An instrument without a handle
6.09.12 18:22 By Feodor Lukyanov, edited by Semyon Kvasha
"The Cold War mentality represented by Mitt Romney's identification of Russia as the USA's "number one geopolitical foe" ignores the very real common interest we share with Russia in reducing nuclear stockpiles, stopping additional proliferation from countries such as Iran and North Korea, and preventing nuclear materials from falling into the hands of terrorists." This is probably the most important phrase concerning Russia in the Democratic party platform adopted at the National convention on Sept. 3.
The document states that the "reset" policy "has produced significant cooperation in these areas, as well as in Russian support for the Northern Distribution Network that supplies our troops in Afghanistan."
Russian ascension into the World Trade organization is also considered a success for the current American administration, since it forces Moscow to play by the book and is profitable for American businesses. Democrats promise to directly and honestly address the topics on which USA and Russia disagree and to criticize Russia sharply when necessary, as in the case of Russia's support of the Assad's regime in Syria.
Russia is mentioned several times in familiar contexts: the New Strategic Arms Reduction Treaty
There is no special mention of the state of democracy in Russia
In other words, the view of Russia is very neutral and instrumental in this document. In the previous platform of 2008, during the first electoral campaign of Barak Obama there were even fewer words about Russia. Only the most basic ideas of cooperation were pointed out
Obama's Russian politics are likely to continue if he is reelected, he has significantly less ideology than his predecessors or opponents have. The full-scale vision of the parts and places of mutual relations in the future is lacking, yet at the same time there's a very clearly formulated set of specific tasks for the near future.
There's an understanding that the American opportunites to transform Russia are limited, and that the most important thing is to find a way to pursue American interests with the real Moscow, not the desired one.
In general, the importance of Russia for USA and the world is emphasized, but only on certain issues where specific practical dialogue is needed.
When Obama took his post in January 2009 he certainly didn't expect that Russia would take such an important place in his work. But he found out that Moscow's cooperation is quite necessary in certain fields his administration considered priorities: Afghanistan, Iran, and nuclear disarmament. And later he found out that despite all the ballast of controversy and distrust, it was easier to achieve progress with Russia than in the other important fields. Thus the "reset" became an important example of Obama's foreign policy success, and also the target of especially harsh criticism from republicans.
Romney's words about Russia being "the number 1 geopolitical foe" attack not Russia itself, our country probably does not matter at all for this presidential candidate, this is an attack on Obama who promotes the "reset" as an achievement.
This doesn't mean that after becoming president Romney will suddenly warm up to Moscow, but also doesn't lay the cornerstone for an a priori negative attitude. Although Mitt Romney's rhetoric is reminiscent of what John McCain said during his campaign four years ago, there's a significant difference. McCain has never concealed his distrust to Russian authorities and even his wish to change the regime in Kremlin, he is an integral person with firm beliefs he developed during his life. If he had come to the White House, his negative declarations against Russia could have turned into real political decisions.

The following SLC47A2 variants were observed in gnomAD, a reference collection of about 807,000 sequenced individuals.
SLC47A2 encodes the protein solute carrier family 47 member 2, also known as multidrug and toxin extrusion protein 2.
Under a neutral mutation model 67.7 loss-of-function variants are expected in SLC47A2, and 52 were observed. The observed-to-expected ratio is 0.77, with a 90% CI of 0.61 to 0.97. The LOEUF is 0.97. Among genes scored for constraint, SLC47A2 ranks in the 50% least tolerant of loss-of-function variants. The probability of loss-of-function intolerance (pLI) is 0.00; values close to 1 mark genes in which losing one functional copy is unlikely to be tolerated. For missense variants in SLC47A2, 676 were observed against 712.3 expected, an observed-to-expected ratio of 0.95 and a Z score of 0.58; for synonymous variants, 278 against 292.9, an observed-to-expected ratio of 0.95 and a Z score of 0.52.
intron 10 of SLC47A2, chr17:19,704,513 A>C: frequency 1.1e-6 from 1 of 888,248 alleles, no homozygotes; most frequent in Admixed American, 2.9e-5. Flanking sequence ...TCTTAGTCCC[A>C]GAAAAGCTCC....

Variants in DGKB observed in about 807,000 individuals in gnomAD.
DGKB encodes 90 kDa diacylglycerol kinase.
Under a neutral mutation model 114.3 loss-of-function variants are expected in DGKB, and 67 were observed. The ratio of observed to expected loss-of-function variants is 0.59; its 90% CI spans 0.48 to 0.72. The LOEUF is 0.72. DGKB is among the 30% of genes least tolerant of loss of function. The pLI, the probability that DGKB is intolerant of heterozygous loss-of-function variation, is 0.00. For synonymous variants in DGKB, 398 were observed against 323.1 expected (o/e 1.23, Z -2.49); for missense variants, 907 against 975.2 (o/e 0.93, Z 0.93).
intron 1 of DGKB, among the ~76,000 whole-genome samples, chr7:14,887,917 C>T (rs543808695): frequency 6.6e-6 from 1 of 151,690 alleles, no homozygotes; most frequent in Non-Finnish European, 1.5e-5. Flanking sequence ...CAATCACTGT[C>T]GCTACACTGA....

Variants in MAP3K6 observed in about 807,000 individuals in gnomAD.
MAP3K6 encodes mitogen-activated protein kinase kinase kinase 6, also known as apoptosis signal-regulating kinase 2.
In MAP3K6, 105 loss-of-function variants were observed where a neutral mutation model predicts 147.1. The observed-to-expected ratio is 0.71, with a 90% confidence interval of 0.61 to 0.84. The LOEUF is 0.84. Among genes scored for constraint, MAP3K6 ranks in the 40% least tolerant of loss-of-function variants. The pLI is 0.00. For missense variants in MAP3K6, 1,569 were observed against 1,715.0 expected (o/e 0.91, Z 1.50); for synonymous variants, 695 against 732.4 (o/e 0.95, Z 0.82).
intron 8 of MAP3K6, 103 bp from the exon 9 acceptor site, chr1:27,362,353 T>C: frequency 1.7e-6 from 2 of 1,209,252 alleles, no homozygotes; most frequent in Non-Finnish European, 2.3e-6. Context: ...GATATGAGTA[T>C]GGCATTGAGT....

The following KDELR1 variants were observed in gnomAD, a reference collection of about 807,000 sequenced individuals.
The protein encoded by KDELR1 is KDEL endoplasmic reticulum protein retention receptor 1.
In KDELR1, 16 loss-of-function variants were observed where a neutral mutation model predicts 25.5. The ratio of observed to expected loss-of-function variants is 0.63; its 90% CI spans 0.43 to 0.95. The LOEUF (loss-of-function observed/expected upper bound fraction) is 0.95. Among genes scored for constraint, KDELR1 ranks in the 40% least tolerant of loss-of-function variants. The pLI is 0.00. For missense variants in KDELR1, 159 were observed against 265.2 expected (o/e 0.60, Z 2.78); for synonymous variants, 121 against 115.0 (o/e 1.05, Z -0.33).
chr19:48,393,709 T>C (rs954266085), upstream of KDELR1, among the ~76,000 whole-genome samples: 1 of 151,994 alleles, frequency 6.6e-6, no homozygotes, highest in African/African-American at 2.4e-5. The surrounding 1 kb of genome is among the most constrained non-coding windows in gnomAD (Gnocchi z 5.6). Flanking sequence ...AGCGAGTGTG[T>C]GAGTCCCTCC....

Romney's rhetoric is not a stance he has strived for, it's a set of stereotypes, there's no personal attitude behind them. It's impossible to predict which course he will take after the election.
As strange as it may seem, Obama's re-election may create difficulties in Russian-American relations. Of course, the President is much more flexible and modern than his opponent, and there would be less ideological slogans in his agenda. The problem is, we don't see any real agenda of mutual relations other than what already was in the "reset" and was realized relatively successfully. Most likely, Barak Obama will want to continue talks on the reduction of nuclear armaments, tactical first of all, add new measures against Iran and new active cooperation over Afghanistan. In 2009 – 2010 it worked, in 2013 it's doubtful.
Moscow is not going to reduce its nuclear arsenal, at least in the near future, the current level is considered a necessary guarantee of security. Russia won't support any new sanctions against Teheran, and war will confuse the whole picture, creating too many new risks. Afghanistan remains the field where our interests coincide the most
Obama's tool-like approach to Russia has its downside. He may be flexible
he is much more advanced than his opponents in terms of tactics, but he is as confused as them in strategy.
Democrats have no new agenda for Russia, they hope to continue the current one. But there may be no "reset take-2" with the same meaning. And not because it's Putin who is in Kremlin now, instead of Medvedev. It's just that the moment when our interest coincided, has passed. A new approach is necessary for a new stage: for example, understanding that the new field for the mutual relations is Asia with all its problems and potentials. But American strategies don't see Russia in its Asian context and don't see it as useful tool. So Obama's second term may become a serious ordeal for both Russia and the USA, despite expectations.
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